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Cellulitis and Abscess: What You Need to Know About Prevention and Treatment

Cellulitis and Abscess: What You Need to Know About Prevention and Treatment

Cellulitis and abscesses are skin and soft tissue bacterial infections that can occur independently of one another. Each can compromise your health and often require specialty care. But when you develop both at the same time, the need for medical attention becomes urgent.

Dr. Manjulatha Badam of Vayu Advanced Wound Clinic & Hyperbarics in San Antonio, Texas, is an award-winning physician who specializes in diagnosing and treating nonhealing wounds of all types, including those related to cellulitis and other bacterial skin infections.

As part of her patient-first holistic approach to health care, Dr. Badam provides information to her patients that helps them make knowledgeable decisions about health care. Read her blog about cellulitis, abscesses, and the treatments available for these potentially life-threatening infections.

Understanding cellulitis and skin abscesses

Most often related to infections caused by streptococcus or staphylococcus bacteria, cellulitis and abscesses differ in appearance and symptomatology:

Cellulitis

Usually involving the lower legs but possible elsewhere on your body, cellulitis occurs when a break in the skin allows bacteria to enter.

Symptoms typically include:

Blister and abscess formation in the affected area can signal worsening infection. Without treatment, cellulitis can spread to your bloodstream and lymph nodes, quickly becoming a life-threatening systemic (whole body) infection.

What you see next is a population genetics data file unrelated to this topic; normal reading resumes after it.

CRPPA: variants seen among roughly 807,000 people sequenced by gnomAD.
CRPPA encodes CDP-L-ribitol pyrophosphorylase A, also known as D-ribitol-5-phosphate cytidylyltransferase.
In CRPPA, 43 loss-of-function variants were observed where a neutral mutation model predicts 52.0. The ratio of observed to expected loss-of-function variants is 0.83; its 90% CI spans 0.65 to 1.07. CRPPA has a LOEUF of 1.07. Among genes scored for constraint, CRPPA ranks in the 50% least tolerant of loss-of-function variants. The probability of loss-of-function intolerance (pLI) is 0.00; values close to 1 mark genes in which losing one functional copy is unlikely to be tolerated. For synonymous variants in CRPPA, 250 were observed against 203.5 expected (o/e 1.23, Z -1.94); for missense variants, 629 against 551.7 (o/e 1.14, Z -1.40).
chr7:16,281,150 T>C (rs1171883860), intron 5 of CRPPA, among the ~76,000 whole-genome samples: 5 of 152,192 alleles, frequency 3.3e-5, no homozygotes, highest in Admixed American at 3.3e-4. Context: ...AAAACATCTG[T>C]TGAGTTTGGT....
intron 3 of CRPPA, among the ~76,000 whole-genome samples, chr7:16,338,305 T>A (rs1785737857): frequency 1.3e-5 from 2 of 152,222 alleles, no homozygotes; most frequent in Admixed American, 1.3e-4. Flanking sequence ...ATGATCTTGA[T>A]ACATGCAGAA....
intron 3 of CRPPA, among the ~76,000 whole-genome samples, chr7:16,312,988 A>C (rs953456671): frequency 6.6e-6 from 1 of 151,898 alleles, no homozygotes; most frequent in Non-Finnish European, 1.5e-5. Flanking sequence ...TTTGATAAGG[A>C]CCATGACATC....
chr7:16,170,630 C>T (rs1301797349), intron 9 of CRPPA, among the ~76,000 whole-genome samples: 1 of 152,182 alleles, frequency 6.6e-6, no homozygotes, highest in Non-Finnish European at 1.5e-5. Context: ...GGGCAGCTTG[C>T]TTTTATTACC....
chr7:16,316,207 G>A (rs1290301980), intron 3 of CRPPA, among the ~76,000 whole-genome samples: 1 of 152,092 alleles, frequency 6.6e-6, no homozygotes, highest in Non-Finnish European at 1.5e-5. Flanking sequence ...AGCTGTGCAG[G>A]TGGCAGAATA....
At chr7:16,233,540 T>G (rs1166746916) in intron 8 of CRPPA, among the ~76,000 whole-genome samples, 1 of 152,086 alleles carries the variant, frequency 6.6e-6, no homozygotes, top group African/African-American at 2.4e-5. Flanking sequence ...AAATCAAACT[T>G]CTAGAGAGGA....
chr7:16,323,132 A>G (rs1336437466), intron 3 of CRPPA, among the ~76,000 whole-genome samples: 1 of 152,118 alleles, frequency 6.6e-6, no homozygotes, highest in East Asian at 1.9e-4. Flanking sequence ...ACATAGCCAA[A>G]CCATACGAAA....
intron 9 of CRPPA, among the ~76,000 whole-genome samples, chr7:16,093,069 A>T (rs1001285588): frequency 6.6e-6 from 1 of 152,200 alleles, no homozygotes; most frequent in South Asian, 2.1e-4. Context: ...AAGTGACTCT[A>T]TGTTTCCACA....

Abscess 

An abscess is a pocket of fluid or pus that can occur anywhere in your body. A skin abscess, sometimes called a boil, is an infection that occurs just under the skin’s surface.  

Sometimes occurring as a worrisome complication of cellulitis, symptoms of skin abscess include:

Most abscesses resolve without extensive care but complications of an untreated skin abscess, whether related to cellulitis or not, can include:

Even if you are already being treated for cellulitis, you should seek medical care immediately if you notice expanding redness, blistering, or abscess formation in the infected region.

Treating cellulitis and abscess

At Vayu Advanced Wound Care & Hyperbarics, we design personalized treatment plans that are tailored to meet your needs.

Cellulitis requires antibiotic treatment that may include oral medication, intravenous (IV) antibiotic therapy, or a combination of both. Depending on the level of infection, you may require hospitalization to monitor your response to treatment.

Skin abscesses require incision and drainage as well as follow-up wound care to ensure appropriate healing. Don’t attempt to drain the lesion yourself, since this can lead to worsening infection and new abscess formation.

Certain conditions increase your risk of developing cellulitis, including:

We may recommend further testing to rule out these issues as a cause of your cellulitis, especially if you have frequent episodes.

Preventing cellulitis and abscess

It’s not possible to prevent every incidence of cellulitis or skin abscess, but you can significantly decrease your risk by:

For more tips on how to prevent skin infections, and/or an evaluation regarding cellulitis or any of the conditions we treat, schedule a visit at Vayu Advanced Wound Clinic & Hyperbarics in San Antonio, Texas today.

Author
Dr. Manjulatha Badam

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